The Defense Innovation Board, a panel of 16 prominent technologists advising the Pentagon, today voted to approve AI ethics principles for the Department of Defense. The report includes 12 recommendations for how the U.S. military can apply ethics in the future for both combat and non-combat AI systems. The principles are broken into five main principles: responsible, equitable, traceable, reliable, and governable.

The principles state that humans should remain responsible for “developments, deployments, use and outcomes,” and AI systems used by the military should be free of bias that can lead to unintended human harm. AI deployed by the DoD should also be reliable, governable, and use “transparent and auditable methodologies, data sources, and design procedure and documentation.”

“You may see resonances of the word fairness in here [AI ethics principle document]. I will caution you that in many cases the Department of Defense should not be fair,” DIB board member and Carnegie Mellon University VP of research Michael McQuade said today. “It should be a firm principle that ours is to not have unintended bias in our systems.”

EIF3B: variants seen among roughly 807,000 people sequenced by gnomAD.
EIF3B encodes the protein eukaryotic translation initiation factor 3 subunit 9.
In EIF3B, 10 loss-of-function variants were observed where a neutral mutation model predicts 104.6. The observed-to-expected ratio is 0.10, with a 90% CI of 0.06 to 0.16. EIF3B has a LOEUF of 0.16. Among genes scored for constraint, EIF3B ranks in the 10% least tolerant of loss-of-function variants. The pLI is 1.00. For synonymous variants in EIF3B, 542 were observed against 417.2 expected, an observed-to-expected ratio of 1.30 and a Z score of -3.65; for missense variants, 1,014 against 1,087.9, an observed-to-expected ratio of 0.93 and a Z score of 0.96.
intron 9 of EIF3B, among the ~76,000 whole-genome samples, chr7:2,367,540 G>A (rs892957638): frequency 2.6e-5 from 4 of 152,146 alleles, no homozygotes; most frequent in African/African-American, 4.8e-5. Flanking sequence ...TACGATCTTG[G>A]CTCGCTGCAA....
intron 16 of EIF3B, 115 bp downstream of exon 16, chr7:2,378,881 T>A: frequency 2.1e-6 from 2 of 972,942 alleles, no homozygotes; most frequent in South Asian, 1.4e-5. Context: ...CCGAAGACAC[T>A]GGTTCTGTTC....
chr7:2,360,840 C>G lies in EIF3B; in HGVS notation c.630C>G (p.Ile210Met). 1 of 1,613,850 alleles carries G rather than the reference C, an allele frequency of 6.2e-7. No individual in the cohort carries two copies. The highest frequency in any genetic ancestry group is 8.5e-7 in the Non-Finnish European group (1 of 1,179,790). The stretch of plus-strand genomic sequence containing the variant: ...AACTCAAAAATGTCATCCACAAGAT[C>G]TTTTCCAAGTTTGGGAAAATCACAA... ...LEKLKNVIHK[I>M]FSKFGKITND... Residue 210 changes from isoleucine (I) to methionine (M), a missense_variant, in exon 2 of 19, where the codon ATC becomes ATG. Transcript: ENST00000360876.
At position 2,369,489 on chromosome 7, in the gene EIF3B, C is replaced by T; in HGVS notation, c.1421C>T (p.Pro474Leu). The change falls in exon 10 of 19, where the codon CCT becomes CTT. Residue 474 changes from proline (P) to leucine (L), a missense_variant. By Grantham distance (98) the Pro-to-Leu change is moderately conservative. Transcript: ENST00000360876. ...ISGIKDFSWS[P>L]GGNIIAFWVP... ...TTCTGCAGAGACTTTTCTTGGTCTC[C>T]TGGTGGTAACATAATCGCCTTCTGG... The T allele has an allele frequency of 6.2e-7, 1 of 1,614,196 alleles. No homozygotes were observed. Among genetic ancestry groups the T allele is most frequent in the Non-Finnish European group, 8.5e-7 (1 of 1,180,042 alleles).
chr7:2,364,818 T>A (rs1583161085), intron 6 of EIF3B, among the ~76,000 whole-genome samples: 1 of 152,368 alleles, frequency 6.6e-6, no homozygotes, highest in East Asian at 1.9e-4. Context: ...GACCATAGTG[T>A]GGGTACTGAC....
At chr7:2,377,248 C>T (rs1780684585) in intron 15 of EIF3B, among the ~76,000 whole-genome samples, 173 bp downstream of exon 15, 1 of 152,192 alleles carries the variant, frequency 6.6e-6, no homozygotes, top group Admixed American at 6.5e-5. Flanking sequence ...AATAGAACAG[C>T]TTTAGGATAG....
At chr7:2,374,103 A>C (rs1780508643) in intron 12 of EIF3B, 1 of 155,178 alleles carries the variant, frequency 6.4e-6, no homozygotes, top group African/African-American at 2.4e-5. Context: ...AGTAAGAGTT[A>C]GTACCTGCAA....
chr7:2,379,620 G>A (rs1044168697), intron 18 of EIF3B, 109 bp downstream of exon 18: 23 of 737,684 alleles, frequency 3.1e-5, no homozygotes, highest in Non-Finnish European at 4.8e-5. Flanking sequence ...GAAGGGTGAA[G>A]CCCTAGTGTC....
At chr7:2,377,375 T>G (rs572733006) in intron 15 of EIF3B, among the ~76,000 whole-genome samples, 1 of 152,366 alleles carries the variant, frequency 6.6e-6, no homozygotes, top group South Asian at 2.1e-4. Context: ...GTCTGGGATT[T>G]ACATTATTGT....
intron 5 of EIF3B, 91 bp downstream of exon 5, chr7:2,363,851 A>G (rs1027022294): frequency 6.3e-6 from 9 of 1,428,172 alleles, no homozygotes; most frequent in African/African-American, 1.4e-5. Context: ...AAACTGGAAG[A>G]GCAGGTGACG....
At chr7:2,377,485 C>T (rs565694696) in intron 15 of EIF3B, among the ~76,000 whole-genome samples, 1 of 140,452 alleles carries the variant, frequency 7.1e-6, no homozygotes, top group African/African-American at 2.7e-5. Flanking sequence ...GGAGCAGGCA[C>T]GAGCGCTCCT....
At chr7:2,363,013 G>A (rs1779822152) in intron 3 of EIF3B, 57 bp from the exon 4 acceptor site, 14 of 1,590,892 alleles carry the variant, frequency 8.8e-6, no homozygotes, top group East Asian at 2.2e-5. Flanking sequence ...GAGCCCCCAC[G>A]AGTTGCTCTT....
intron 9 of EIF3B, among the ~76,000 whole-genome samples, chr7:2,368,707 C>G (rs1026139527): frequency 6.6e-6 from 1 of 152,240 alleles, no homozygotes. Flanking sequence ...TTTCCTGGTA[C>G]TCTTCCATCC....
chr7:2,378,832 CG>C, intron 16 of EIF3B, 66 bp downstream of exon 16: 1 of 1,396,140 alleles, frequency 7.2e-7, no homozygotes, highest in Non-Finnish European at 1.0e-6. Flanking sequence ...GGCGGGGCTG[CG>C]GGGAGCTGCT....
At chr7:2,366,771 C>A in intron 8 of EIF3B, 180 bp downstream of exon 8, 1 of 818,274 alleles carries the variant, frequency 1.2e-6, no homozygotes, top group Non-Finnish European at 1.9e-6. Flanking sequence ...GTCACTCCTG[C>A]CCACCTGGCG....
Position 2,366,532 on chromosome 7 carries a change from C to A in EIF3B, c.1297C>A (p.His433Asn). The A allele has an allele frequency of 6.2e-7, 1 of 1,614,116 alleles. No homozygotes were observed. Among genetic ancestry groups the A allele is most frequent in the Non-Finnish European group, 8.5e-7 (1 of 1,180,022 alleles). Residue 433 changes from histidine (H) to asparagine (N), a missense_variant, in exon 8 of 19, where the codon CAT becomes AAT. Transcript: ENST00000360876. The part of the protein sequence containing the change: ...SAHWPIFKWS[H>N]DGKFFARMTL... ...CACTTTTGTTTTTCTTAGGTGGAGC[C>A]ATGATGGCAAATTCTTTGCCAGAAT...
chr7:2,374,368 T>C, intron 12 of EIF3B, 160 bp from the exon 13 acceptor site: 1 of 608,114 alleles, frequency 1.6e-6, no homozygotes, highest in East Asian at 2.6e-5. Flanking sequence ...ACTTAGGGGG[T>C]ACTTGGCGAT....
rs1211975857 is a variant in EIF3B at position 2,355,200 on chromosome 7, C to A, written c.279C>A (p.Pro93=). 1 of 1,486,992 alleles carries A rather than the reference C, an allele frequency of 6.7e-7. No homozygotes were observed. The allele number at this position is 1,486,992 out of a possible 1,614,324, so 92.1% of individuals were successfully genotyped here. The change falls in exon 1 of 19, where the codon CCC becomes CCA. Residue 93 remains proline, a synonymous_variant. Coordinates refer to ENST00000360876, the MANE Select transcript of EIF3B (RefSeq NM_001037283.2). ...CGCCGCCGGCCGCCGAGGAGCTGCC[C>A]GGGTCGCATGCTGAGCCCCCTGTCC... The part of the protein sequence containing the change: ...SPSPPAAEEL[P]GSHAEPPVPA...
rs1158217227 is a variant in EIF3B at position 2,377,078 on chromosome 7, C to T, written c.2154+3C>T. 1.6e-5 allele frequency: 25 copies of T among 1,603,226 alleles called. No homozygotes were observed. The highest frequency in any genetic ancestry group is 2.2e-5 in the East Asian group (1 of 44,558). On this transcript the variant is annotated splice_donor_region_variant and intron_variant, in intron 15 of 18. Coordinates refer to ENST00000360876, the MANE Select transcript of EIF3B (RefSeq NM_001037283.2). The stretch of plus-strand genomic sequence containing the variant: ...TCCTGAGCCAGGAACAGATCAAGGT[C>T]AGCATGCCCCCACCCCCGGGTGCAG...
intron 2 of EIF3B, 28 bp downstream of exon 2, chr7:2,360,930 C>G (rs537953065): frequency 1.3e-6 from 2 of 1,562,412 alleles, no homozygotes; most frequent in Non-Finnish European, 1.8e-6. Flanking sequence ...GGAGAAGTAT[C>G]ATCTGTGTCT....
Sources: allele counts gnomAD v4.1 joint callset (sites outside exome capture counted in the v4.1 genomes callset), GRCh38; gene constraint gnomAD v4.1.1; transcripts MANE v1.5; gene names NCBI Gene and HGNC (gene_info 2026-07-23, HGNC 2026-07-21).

Applied Inventions cofounder and computer theorist Danny Hillis and board members agreed to amend the draft document to say the governable principle should include “avoid unintended harm and disruption and for human disengagement of deployed systems.” The report, Hillis said, should be explicit and unambiguous that AI systems used by the military should come with an off switch for a human to press in case things go wrong.

“I think this was the most problematical aspect about them because they’re capable of exhibiting and evolving forms of behavior that are very difficult for the designer to predict, and sometimes those forms of behavior are actually kind of self preserving forms of behavior that can get a bit out of sync with the intent and goals of the designer, and so I think that’s one of the most dangerous potential aspects about them,” he said.

The Defense Innovation Board is chaired by former Google CEO Eric Schmidt, and members include MIT CSAIL director Daniela Rus, Hayden Planetarium director Neil deGrasse Tyson, LinkedIn cofounder Reid Hoffman, Code for America director Jennifer Pahlka, and Aspen Institute director Walter Isaacson.

The document titled “AI Principles: Recommendations on the Ethical Use of Artificial Intelligence by the Department of Defense” and an accompanying white paper will be shared on the Defense Innovation Board website, a DoD spokesperson told VentureBeat. Both will now be shared with DoD leadership for review for them to decide which if any of the principles it will adopt.

Going forward, the board wants the Joint AI Center charged with leading AI initiat